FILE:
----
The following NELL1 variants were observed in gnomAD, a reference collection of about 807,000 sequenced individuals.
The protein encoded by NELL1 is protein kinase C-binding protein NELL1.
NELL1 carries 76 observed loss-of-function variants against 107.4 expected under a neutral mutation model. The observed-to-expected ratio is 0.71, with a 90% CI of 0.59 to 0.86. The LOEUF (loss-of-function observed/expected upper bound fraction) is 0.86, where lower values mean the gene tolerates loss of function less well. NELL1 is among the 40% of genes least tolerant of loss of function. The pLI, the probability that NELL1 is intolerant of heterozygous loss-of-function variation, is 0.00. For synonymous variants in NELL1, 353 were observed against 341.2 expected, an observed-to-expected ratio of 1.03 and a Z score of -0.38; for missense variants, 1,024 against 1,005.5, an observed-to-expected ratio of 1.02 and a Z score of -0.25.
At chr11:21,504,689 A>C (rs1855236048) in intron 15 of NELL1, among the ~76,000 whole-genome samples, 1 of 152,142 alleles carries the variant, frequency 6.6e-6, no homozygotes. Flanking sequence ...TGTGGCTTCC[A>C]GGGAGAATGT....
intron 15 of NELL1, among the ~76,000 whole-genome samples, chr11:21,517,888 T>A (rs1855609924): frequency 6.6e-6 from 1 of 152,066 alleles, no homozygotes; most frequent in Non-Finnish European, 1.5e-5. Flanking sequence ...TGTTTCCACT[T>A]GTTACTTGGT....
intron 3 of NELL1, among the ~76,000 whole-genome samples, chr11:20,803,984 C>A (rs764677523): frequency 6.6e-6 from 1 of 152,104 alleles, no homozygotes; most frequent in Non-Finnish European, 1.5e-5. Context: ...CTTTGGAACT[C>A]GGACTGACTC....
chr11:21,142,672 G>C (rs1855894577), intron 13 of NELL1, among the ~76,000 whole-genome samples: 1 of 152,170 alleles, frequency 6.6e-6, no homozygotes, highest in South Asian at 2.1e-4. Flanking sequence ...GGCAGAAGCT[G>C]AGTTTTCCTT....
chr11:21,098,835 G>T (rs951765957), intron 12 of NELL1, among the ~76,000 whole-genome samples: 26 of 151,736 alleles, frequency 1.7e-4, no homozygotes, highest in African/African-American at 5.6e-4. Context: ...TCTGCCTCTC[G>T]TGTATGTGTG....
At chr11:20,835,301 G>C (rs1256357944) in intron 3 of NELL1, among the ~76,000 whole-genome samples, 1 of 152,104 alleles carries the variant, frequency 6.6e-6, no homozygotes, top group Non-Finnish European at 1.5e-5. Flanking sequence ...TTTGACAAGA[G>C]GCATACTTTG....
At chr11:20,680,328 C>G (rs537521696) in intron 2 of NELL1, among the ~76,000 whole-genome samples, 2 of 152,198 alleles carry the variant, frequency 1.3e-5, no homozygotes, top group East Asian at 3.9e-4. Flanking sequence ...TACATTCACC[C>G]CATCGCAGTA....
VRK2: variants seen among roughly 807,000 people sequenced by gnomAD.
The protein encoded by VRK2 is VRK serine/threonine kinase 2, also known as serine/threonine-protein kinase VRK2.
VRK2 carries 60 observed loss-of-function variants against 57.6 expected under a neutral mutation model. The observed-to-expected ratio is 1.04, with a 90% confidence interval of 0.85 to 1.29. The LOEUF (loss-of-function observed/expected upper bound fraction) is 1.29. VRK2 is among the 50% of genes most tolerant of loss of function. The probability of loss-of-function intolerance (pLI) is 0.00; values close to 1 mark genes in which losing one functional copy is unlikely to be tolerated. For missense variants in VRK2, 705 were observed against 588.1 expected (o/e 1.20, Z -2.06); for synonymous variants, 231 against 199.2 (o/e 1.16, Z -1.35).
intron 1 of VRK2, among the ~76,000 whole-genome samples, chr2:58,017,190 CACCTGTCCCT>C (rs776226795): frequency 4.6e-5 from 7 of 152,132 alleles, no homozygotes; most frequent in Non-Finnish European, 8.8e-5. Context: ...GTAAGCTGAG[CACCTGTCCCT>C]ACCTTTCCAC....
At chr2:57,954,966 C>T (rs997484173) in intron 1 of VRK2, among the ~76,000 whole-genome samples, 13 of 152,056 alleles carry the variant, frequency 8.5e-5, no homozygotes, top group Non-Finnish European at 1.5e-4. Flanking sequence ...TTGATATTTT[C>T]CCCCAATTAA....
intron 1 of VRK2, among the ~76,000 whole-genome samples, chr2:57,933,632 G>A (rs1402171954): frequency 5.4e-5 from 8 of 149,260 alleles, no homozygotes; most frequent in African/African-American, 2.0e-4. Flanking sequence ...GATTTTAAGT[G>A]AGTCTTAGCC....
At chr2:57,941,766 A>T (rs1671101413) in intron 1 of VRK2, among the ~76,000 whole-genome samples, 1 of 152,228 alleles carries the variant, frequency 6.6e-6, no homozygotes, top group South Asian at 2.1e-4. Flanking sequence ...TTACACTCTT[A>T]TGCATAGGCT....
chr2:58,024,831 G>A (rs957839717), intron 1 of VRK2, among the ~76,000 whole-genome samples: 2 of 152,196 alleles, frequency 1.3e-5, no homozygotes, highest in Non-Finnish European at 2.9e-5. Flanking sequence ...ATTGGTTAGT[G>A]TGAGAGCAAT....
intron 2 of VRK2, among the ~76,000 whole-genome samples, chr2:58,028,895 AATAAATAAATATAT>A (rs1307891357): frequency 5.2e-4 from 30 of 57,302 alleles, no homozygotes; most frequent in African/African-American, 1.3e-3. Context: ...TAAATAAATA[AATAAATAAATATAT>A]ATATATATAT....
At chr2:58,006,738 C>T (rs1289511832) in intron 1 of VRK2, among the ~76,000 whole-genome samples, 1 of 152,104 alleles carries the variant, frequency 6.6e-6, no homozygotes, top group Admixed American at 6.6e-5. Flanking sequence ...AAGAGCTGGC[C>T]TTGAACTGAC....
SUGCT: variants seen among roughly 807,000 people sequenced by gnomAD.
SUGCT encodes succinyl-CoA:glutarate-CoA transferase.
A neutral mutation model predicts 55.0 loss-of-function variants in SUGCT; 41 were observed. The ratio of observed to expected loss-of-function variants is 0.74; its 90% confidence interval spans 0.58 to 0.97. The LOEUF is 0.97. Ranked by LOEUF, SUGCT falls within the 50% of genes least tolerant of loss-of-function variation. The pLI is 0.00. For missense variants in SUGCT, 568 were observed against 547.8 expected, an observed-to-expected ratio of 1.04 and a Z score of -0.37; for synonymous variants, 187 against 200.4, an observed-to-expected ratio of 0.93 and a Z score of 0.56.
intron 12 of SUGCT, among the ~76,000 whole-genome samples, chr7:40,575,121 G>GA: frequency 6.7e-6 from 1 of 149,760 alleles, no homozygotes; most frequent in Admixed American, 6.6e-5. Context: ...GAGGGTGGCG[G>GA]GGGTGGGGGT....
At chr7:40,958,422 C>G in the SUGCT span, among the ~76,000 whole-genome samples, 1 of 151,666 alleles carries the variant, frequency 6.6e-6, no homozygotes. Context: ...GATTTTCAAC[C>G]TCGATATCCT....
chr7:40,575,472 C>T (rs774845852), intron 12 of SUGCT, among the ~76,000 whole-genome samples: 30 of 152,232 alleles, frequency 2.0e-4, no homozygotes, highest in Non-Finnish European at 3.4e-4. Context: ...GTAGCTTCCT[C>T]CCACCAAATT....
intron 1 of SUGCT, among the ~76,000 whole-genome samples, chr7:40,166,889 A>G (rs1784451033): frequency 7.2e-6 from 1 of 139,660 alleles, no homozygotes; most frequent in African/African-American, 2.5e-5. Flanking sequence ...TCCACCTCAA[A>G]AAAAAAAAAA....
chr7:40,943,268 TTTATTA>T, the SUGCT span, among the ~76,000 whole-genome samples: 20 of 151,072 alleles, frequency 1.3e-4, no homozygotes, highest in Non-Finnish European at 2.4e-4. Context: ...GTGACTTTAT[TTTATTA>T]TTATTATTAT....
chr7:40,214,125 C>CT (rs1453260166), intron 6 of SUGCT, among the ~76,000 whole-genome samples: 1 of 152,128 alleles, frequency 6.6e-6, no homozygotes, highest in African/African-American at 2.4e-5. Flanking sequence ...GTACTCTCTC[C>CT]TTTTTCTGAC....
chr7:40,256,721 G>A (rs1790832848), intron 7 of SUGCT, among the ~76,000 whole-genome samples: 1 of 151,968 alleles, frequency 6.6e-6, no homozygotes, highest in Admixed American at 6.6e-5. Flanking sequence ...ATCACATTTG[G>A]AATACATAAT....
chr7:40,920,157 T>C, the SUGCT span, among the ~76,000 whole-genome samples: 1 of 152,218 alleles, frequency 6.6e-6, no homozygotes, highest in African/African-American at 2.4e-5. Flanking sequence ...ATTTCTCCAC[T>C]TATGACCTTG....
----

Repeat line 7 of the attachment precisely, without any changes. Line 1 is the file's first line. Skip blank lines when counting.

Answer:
chr11:21,142,672 G>C (rs1855894577), intron 13 of NELL1, among the ~76,000 whole-genome samples: 1 of 152,170 alleles, frequency 6.6e-6, no homozygotes, highest in South Asian at 2.1e-4. Flanking sequence ...GGCAGAAGCT[G>C]AGTTTTCCTT....